by Detlef Glow.
Asset managers and investors are waiting for the new European Union Commission to be assembled because they want to know what they can expect from the new EU government regarding upcoming financial industry regulation.
One thing that is already clear is the EU action plan on financing sustainable growth will be one of the drivers for new regulations. For example, the requirements with regard to reporting duties on sustainable activities will be translated into a formal format. In addition, it is also clear the current action plan was only the first step with regard to fostering sustainability within the financial industry, as this action plan is only focusing on environmental issues—the E in ESG. Therefore, it can be expected that the new EU Commission will extend the action plan to the S (social) and the G (governance), as the EU government strives for the position of global leadership when it comes to sustainability.
It also appears to be clear that the EU Commission, as well as the European Securities and Markets Authority (ESMA), will review the fees and expenses charged by mutual funds. The focus of this review is expected to be on the transparency of internal services fees, as well as on the harmonization of the different fees and expenses charged by mutual funds. Another topic that might come under review is performance fees, as there is no common standard in EU countries for these fees at the moment. This is a hindrance for fund distribution and stands against the goal of a common market within the EU. This means that the EU Commission needs to find a middle ground between the countries with high standards on when and how performance fees can be charged and those who only comply to the minimum standards. Only then can there be further harmonization of the EU markets for mutual funds.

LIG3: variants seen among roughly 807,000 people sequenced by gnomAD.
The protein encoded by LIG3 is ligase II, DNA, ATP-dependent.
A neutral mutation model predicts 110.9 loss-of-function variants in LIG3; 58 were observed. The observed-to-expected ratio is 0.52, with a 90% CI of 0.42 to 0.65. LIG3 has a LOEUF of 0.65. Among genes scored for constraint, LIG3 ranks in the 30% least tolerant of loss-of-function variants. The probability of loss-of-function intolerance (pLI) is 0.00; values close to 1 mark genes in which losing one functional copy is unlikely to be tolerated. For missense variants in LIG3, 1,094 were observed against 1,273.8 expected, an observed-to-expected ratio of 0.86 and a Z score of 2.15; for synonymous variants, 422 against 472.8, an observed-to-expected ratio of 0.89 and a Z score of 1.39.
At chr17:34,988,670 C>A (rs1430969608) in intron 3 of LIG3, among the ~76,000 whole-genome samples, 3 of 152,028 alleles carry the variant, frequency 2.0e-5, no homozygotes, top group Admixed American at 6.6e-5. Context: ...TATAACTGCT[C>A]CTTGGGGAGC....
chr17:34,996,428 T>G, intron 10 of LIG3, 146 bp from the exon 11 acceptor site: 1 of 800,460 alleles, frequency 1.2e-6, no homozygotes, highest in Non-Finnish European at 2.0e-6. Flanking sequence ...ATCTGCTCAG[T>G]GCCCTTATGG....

It is also expected that at least ESMA is going to review the use of modern portfolio management techniques, with a focus on securities lending. The current regulation on securities lending is rather generic and may need some more specifications and higher minimum standards to avoid defaults that may damage investor confidence and cause loses. This is because securities lending has become very popular as fund managers can make additional profits from this activity.
Following the liquidity issues at GAM Investments and Woodford Investment Management that led to the closure of multi-billion-euro mutual funds, I would expect that there will be a review of the UCITS regulation with regard to illiquid holdings within mutual funds. These led to market events mentioned above and massively impacted investor confidence in the investment management industry in general.
It would be no surprise if the new EU Commission initiates a general review of the UCITS V regulation, which will lead to a new version (UCITS VI) of the regulation. If this ends up being the case, I would also expect that the new UCITS regulation will contain more standards for fiduciary duties, as well as for mutual fund transparency.
The views expressed are the views of the author, not necessarily those of Lipper or Refinitiv.